Tomato Tasting: Sibirskiy Velikan Rozovyi

Sibirskiy Velikan Rozovyi

This was the big stand-out winner for my garden in 2014, and a new absolute favourite for me. I was lucky enough to happen upon some seeds that Tatiana (of Tatiana’s TomatoBASE) was selling, and bought them more or less on a whim. I’m not sure if I’ve ever had a impromptu tomato purchase ever be so fortuitous.

Growth Notes

30-sibirskiy1-smThis variety is a heavy, heavy sprawler. I grows all over the place, and trying to keep it reigned in with staking only was almost impossible. I’m not generally a pruner, but this one I resorted to snipping off a few extra stems just to keep it from overtaking all the other tomatoes in the vicinity. Give this one room, and grow with a cage or Florida weave if possible, because it goes everywhere, and is absolutely unrelenting about it.

Another reason to make sure you keep this tomato secure – the fruit are massive. This variety is hands down the earliest monster variety I’ve ever grown. Coming in at 80-85 days, it’s a good monster variety for those with shorter seasons, and for those in longer-season climates, a great variety that keeps producing until cold finally kills it off.

The average fruit weight for me was about 21oz (587gr) each. The smallest fruit I picked was 16 oz (454gr), and the largest was 28oz (802gr).

The Look

30-sibirskiy2-smI like irregular shaped fruits. A lot. Heavily pleated, weirdly bumpy, whatever, I’m down with it. This one definitely falls in the “irregular” camp, with no two fruit looking the same. Out of all fruit picked, I had two that were relatively smooth (one of which can be seen at the top of this post). The rest were all manner of shape.

The fruit itself is oblate with pink skin and flesh, and a nice smooth, buttery texture. I even had one fruit that had grew a hole through the middle! In all the varieties I’ve grown, I’d never had that before. After chatting with Tatiana, she let me know that this variety does indeed produce one or two of these a season as a general rule. I keep the thing around for days, showing it to people who happened by my home.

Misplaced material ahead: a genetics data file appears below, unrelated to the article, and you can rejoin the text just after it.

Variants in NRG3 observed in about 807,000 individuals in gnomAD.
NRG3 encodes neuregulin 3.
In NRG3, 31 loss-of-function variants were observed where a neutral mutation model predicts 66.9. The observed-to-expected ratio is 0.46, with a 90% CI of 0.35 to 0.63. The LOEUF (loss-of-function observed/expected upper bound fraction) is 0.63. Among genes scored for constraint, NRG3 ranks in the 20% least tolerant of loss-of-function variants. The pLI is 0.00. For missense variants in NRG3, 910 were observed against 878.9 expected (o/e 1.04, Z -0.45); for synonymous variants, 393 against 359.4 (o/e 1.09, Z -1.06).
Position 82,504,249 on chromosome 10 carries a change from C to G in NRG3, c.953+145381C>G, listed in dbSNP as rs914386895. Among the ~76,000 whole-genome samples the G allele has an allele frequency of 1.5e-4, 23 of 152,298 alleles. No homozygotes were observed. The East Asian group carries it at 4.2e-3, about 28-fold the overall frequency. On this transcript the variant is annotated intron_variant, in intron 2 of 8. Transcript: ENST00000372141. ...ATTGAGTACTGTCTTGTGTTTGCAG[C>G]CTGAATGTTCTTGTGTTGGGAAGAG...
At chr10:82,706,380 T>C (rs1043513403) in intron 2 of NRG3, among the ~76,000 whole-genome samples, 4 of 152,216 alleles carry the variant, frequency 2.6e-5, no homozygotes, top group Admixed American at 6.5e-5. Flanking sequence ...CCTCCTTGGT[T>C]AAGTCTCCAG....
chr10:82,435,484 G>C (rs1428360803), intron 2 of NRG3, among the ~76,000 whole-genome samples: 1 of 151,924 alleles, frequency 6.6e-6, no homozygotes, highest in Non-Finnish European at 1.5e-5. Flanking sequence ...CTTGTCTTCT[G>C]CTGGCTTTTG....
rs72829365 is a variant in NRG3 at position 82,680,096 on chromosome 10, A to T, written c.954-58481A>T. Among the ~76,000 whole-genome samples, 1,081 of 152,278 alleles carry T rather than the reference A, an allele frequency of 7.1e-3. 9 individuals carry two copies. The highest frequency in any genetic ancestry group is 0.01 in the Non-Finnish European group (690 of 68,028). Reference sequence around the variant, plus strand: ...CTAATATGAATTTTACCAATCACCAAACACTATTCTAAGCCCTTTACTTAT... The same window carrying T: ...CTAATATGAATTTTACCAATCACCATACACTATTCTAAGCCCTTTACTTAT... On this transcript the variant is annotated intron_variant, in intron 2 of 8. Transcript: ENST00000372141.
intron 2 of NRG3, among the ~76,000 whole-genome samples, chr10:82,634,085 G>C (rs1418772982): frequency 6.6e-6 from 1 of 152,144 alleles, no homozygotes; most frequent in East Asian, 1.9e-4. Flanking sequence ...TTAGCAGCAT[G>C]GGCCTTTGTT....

The Taste

Most monster varieties, especially early ones, have flavour that leaves much to the imagination. Quite often you have to choose – are you going to go with quantity or quality? This variety, I was extremely pleased to find, is both. A lovely, smooth buttery texture and nice meaty fruit – without being dry. Sweet, but with a nice complex flavour to go along with it. This one is best for fresh eating, great for sandwiches and burgers (one slice will cover a whole piece of bread or a bun easily).

I also roasted a bunch of these down just plain in the oven and ate them as is as a side dish, and they were absolutely delicious that way.

The Verdict

If my gushing hasn’t made it obvious thus far, this one is a clear winner. The beating, direct sun of my garden didn’t produce any sun scald, I didn’t see evidence of any catfacing or splitting in our dry conditions, and I didn’t see any other evidence of disease. On average, I got about 14lbs out of this plant, and while it’s creeping up to an end of season variety here on the short-season prairies, it would be great for longer seasons as well where a gardener could easily harvest even more than that.

This is one of those varieties that I will be singing the praises of until the end of my days. This is definitely a variety that deserves to be more widely grown and recognized for its great qualities.

Detailed growth notes in the wiki can be found here

There are still seeds for these currently available for distribution! If you’d like to request some, visit this page.



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